in Chile's Araucania region charged that they are the target of
racism and discrimination by the authorities who set up 19 garbage
dumps less than one kilometer from their homes. The Mapuche Indians
say the foul odors and the smoke from burning garbage have caused
respiratory problems. Furthermore, the dumps have attracted packs
of dogs, and led to the appearance of larvae in livestock,
particularly hogs, that causes trichinosis in humans. The Mapuche
leaders gathered in the city of Temuco to draw up strategies for
getting rid of the dumps. Alejandra Parra, of the non-governmental
Action Network for Environmental Rights, told Tierramerica that a
prompt solution is unlikely, which is why they will file a complaint
of racism before an international organization, yet to be

Source - Tierramerica

18. Will Santiago's Air Goals go Up in Smoke?

SEPT. 2006 - Six years ago, Chile's National Environment Commission
(Conama) hailed the progress being made against air pollution in the
Chilean capital. Thanks to the implementation of stricter standards
in key areas including vehicle fuels and industrial emissions,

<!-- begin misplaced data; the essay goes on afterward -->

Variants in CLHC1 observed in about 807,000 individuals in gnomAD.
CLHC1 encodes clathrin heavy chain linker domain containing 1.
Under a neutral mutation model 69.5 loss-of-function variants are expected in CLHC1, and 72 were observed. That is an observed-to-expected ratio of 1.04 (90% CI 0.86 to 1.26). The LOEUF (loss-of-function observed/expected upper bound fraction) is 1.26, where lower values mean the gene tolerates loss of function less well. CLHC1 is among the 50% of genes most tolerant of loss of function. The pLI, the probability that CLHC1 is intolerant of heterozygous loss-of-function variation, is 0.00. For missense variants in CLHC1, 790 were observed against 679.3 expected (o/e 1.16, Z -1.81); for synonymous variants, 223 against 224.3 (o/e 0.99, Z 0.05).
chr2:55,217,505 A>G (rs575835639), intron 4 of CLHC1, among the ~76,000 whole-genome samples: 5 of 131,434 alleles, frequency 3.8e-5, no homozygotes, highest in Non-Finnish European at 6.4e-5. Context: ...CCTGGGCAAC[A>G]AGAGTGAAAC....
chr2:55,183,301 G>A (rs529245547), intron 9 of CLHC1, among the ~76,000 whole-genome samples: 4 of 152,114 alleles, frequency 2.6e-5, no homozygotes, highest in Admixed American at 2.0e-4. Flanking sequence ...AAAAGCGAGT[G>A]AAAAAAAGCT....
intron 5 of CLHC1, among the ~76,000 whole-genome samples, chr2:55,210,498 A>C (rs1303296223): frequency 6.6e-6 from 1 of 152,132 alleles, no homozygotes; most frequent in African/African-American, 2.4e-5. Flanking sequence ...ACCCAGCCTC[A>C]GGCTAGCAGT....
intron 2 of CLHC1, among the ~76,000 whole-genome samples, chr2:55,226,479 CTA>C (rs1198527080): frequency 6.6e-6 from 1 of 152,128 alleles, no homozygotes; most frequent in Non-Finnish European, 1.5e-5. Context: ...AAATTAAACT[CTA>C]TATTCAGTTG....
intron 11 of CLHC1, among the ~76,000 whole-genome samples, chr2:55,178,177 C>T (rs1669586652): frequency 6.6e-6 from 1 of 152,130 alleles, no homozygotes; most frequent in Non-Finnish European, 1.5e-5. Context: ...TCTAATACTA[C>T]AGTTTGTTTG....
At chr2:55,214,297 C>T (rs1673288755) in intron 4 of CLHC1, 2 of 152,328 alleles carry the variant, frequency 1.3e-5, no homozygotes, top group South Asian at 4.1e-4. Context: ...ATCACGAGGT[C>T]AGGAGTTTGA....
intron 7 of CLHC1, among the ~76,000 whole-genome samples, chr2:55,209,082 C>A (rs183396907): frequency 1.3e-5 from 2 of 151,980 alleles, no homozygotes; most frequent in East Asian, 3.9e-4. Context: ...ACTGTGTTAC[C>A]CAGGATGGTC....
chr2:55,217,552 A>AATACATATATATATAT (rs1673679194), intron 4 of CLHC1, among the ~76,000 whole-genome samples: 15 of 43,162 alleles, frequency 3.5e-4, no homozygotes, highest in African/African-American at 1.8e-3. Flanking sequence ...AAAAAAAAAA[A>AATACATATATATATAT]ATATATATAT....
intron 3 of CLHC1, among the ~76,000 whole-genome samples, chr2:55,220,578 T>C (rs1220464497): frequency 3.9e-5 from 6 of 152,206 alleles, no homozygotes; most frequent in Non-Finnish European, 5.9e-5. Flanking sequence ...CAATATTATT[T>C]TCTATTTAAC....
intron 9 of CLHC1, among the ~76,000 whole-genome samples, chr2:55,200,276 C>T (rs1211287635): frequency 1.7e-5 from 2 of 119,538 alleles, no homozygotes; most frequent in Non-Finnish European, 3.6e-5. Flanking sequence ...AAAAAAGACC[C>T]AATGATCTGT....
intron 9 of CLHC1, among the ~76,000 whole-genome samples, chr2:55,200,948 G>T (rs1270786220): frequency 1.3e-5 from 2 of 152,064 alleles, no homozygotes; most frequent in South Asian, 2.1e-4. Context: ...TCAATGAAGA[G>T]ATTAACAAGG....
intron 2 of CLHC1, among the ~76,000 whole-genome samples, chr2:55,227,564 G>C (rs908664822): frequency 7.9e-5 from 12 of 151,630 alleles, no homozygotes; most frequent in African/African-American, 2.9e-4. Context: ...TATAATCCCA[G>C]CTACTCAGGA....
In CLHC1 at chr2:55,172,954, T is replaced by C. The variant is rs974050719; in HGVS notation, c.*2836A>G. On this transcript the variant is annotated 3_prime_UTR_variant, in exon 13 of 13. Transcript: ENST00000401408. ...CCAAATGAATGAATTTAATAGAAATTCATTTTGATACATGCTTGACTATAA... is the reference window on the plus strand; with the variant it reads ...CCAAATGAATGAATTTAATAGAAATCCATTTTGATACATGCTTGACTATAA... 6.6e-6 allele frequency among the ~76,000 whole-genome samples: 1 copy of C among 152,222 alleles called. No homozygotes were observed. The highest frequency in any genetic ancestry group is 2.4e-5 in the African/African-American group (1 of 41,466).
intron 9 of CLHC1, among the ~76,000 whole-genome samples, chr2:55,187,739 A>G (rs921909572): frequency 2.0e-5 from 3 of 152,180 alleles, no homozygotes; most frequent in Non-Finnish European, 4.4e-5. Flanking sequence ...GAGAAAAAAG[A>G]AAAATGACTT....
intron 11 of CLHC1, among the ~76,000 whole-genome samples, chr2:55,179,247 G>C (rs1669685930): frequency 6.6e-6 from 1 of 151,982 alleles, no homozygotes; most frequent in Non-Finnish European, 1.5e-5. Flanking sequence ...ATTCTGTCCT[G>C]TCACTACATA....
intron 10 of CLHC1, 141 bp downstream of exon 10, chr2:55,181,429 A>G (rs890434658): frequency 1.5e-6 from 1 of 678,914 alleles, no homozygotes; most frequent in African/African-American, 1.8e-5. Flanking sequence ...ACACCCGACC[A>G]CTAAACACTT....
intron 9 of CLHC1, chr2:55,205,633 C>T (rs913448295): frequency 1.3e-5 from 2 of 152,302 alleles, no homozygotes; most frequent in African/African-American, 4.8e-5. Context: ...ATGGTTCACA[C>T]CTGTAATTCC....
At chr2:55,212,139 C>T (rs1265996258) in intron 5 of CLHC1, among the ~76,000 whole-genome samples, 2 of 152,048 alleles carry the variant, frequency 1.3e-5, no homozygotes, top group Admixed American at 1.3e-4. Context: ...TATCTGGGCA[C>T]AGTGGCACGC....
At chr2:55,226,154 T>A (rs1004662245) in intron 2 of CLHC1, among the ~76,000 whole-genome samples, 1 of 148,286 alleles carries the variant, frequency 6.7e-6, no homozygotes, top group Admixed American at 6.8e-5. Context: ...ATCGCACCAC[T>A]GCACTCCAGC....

air-quality indicators had improved markedly. Conama stated
confidently that by 2005, Santiago would no longer have to face
extraordinary steps such as mandatory bad-air-day curbs on
automobile circulation, industrial activity and school sports. The
forecast, however, proved wrong. Last year, metropolitan Santiago's
regional government was forced to declare two "environmental
pre-emergency" days on account of elevated airborne particulate
concentrations. And on Aug. 2, authorities announced this year's
third pre-emergency, after concentrations of PM10-particulates of up
to 10 microns in diameter-had reached "critical" levels. As part of
the pre-emergency, officials prohibited more than 130,000 cars from
circulating on Santiago roads, designated seven major city avenues
for the exclusive use of public transport, temporarily banned
emissions at 552 industrial sites, prohibited the use of residential
chimneys and redoubled efforts to scrub particulate matter from
Santiago streets. And throughout the city, schools halted
physical-education classes and canceled sporting events. Such
experiences underscore an unfortunate fact: despite its early

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success in improving air quality, Santiago has made little anti-smog
headway since 2000. The World Health Organization still ranks it as
one of the globe's 10 most polluted cities. When asked why this is
so, air-quality experts, government officials and environmentalists
cite many factors. Among the most important, they say, are timid
and poorly funded air-quality efforts in recent years, the region's
continued growth and the dictates of geography.

Source - EcoAmericas (please contact Larissa Stoner for complete

Climate Change

19. Bolivian Glaciers Receding Rapidly

OCT. 03, 2006 - Bolivian glaciers are receding so rapidly, say
scientists, that most could disappear within the next ten to 15
years, with alarming implications for potable water and
hydroelectric energy supplies. Scientists tie the last two decades'